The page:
for technical cooperation and formulate a joint strategy to push for the legally binding
instrument to regulate the military use of emerging technologies.
5.5. Consolidating Existing Channels of Communication
Hotlines and other channels of communication between civilian and military
leadership are essential for trust-building and to mitigate the risks associated with the
inadvertent or intentional use of nuclear weapons. India and Pakistan have such hotlines
at DGMOs and Foreign Secretaries levels but remain ineffective during the crisis. The
same thing happened during 2019’s Balakot Crisis when instead of utilizing these
communication lines, India preferred messaging through media and publicly delivered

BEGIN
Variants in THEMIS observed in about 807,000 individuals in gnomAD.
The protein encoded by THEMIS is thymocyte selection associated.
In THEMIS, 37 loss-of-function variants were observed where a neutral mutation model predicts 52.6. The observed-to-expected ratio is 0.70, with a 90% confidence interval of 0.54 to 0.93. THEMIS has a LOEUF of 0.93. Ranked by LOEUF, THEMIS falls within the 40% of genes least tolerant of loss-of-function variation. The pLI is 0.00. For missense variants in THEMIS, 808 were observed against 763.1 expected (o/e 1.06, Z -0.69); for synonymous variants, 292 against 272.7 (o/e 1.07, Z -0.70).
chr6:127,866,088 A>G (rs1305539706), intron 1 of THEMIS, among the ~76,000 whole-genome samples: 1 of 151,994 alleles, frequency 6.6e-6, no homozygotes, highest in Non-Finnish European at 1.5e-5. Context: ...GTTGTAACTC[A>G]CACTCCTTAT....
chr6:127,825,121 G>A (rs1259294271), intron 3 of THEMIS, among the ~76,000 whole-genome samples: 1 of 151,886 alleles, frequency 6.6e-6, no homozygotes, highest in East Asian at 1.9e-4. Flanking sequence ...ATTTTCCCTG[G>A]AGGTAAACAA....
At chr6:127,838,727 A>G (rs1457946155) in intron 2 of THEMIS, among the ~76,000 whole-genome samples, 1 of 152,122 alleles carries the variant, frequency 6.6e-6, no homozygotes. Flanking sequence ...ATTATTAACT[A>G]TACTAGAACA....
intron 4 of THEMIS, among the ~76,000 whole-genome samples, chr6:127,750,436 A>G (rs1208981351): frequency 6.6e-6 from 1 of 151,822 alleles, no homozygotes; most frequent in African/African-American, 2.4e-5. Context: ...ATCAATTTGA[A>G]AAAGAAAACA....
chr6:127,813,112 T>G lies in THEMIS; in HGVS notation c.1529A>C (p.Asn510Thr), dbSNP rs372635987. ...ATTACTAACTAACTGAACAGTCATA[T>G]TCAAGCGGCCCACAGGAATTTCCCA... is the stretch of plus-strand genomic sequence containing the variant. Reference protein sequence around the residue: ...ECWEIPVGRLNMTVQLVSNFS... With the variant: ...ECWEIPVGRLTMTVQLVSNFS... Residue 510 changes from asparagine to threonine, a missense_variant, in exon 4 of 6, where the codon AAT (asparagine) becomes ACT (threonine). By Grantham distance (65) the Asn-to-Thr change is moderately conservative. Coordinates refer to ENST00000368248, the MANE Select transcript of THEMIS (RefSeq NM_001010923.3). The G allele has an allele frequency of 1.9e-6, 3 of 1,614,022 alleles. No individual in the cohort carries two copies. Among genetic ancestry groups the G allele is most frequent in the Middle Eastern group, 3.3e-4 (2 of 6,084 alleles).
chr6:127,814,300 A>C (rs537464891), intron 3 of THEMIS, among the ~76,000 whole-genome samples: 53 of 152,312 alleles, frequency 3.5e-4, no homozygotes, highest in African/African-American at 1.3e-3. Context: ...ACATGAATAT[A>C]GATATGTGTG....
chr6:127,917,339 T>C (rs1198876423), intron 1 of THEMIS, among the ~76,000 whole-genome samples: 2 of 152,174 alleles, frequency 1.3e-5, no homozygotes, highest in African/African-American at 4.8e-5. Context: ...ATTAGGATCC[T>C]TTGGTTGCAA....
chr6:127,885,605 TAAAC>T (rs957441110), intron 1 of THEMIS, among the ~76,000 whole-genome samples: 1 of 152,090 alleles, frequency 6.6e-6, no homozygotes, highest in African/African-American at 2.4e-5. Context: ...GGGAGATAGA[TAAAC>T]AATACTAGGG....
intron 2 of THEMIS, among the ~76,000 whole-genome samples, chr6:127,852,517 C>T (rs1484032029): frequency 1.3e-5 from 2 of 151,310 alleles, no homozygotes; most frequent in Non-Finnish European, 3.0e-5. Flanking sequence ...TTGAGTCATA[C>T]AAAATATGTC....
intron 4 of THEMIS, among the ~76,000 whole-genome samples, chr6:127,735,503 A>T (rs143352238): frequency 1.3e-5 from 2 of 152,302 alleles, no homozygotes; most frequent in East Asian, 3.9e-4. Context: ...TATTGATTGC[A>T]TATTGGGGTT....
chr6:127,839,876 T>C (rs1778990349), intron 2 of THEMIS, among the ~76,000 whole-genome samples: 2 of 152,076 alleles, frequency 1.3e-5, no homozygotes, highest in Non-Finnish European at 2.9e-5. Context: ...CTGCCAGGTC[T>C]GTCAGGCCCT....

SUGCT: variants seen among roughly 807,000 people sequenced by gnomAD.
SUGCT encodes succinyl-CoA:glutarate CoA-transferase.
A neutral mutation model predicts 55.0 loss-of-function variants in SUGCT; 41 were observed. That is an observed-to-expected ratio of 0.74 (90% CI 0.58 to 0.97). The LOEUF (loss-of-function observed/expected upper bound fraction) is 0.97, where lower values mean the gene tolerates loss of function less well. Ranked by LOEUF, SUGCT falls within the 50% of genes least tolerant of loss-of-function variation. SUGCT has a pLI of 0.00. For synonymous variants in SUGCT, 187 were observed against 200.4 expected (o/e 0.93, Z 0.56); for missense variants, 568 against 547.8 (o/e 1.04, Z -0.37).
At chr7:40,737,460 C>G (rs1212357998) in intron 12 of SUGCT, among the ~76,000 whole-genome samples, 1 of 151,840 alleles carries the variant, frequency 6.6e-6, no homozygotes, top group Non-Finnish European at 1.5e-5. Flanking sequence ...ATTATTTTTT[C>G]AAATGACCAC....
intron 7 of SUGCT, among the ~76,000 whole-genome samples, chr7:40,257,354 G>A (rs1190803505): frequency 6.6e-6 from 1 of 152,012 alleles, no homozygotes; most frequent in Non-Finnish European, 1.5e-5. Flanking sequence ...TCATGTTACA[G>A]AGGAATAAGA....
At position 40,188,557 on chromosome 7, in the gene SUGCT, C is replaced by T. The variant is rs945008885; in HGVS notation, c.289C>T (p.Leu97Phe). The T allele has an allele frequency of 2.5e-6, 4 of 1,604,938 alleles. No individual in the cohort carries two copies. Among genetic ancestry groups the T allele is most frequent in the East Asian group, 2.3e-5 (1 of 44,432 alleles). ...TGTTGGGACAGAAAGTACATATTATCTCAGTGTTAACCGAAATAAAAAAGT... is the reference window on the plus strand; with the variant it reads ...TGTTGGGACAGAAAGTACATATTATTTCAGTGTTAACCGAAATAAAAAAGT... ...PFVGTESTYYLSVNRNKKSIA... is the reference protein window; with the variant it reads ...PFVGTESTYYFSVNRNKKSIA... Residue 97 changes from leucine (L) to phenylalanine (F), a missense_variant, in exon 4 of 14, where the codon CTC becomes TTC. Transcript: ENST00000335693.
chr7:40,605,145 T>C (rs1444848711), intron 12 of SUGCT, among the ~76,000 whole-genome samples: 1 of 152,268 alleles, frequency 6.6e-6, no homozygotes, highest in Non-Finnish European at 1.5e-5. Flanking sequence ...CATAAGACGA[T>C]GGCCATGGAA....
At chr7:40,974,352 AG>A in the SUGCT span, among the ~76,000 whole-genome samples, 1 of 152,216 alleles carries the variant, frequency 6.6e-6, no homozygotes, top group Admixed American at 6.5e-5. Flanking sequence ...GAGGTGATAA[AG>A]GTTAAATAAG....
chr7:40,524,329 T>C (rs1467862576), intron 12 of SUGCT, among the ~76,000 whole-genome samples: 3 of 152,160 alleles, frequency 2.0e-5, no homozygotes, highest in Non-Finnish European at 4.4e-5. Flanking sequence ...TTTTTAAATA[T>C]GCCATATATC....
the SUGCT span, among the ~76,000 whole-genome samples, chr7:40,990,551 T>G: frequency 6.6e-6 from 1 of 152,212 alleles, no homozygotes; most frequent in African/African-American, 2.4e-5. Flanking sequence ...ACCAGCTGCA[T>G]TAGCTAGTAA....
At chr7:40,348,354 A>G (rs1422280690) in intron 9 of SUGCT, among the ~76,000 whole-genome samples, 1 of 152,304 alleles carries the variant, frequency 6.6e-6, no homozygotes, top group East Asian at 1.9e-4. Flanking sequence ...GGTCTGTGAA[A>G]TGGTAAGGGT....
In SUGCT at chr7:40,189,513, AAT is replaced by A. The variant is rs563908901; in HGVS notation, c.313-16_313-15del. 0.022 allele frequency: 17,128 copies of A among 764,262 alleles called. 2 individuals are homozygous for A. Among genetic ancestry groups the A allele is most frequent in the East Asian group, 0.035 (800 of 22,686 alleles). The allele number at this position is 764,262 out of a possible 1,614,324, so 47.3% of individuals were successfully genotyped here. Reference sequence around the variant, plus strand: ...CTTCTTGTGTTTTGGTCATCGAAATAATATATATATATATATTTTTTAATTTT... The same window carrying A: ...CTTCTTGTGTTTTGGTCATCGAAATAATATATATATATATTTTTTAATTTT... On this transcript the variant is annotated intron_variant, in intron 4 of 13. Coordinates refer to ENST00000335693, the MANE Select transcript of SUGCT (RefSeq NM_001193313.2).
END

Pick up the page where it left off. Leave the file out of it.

political statements. Effective utilization of these hotlines has become more indispensable
in the context of challenges posing by deep-fake and other emerging technologies. There
is a need to further consolidate the existing hotlines mechanism between India and
Pakistan and to explore the other modern modes of fast and reliable exchange of critical
information such as NRRCs, to avoid confusion and miscalculation.
5.6. Cyber CBMs Between India and Pakistan
As discussed above that the growing incidents of cyber-attacks on critical
infrastructure in South Asia could be detrimental for the strategic instability and calls for
the need for Cyber CBMs between both countries. Knowing the fact that cyber-attacks
lack the element of attribution and an incident similar to 2019’s cyber-attack on the
Kudankulam nuclear power plant in India or anywhere in South Asia may bring both
countries close to war. Tughral Yamin has envisaged a list of CBMs which can be